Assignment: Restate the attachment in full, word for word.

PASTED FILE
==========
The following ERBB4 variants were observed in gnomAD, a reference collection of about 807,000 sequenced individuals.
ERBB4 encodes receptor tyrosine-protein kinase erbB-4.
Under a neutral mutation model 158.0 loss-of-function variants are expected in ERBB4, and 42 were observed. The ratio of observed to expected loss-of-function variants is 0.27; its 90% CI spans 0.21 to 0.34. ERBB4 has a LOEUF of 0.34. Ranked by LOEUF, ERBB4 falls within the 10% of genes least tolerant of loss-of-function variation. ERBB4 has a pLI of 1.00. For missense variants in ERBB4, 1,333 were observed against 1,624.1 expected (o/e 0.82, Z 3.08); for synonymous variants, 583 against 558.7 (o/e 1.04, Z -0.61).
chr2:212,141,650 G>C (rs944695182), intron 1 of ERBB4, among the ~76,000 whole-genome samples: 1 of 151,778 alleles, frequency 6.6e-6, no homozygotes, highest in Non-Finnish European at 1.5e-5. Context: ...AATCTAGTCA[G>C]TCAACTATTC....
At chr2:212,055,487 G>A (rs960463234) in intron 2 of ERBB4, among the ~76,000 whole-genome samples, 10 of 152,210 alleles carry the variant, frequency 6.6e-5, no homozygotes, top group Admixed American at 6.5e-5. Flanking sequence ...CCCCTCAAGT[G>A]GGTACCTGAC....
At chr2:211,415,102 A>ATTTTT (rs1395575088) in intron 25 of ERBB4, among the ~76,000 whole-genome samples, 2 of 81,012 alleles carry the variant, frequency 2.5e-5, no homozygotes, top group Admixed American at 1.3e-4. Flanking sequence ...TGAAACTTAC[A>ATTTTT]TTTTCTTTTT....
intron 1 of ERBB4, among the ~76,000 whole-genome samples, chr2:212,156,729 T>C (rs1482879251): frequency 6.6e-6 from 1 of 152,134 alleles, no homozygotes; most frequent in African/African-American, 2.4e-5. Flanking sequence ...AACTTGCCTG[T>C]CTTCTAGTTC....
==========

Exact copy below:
The following ERBB4 variants were observed in gnomAD, a reference collection of about 807,000 sequenced individuals.
ERBB4 encodes receptor tyrosine-protein kinase erbB-4.
Under a neutral mutation model 158.0 loss-of-function variants are expected in ERBB4, and 42 were observed. The ratio of observed to expected loss-of-function variants is 0.27; its 90% CI spans 0.21 to 0.34. ERBB4 has a LOEUF of 0.34. Ranked by LOEUF, ERBB4 falls within the 10% of genes least tolerant of loss-of-function variation. ERBB4 has a pLI of 1.00. For missense variants in ERBB4, 1,333 were observed against 1,624.1 expected (o/e 0.82, Z 3.08); for synonymous variants, 583 against 558.7 (o/e 1.04, Z -0.61).
chr2:212,141,650 G>C (rs944695182), intron 1 of ERBB4, among the ~76,000 whole-genome samples: 1 of 151,778 alleles, frequency 6.6e-6, no homozygotes, highest in Non-Finnish European at 1.5e-5. Context: ...AATCTAGTCA[G>C]TCAACTATTC....
At chr2:212,055,487 G>A (rs960463234) in intron 2 of ERBB4, among the ~76,000 whole-genome samples, 10 of 152,210 alleles carry the variant, frequency 6.6e-5, no homozygotes, top group Admixed American at 6.5e-5. Flanking sequence ...CCCCTCAAGT[G>A]GGTACCTGAC....
At chr2:211,415,102 A>ATTTTT (rs1395575088) in intron 25 of ERBB4, among the ~76,000 whole-genome samples, 2 of 81,012 alleles carry the variant, frequency 2.5e-5, no homozygotes, top group Admixed American at 1.3e-4. Flanking sequence ...TGAAACTTAC[A>ATTTTT]TTTTCTTTTT....
intron 1 of ERBB4, among the ~76,000 whole-genome samples, chr2:212,156,729 T>C (rs1482879251): frequency 6.6e-6 from 1 of 152,134 alleles, no homozygotes; most frequent in African/African-American, 2.4e-5. Flanking sequence ...AACTTGCCTG[T>C]CTTCTAGTTC....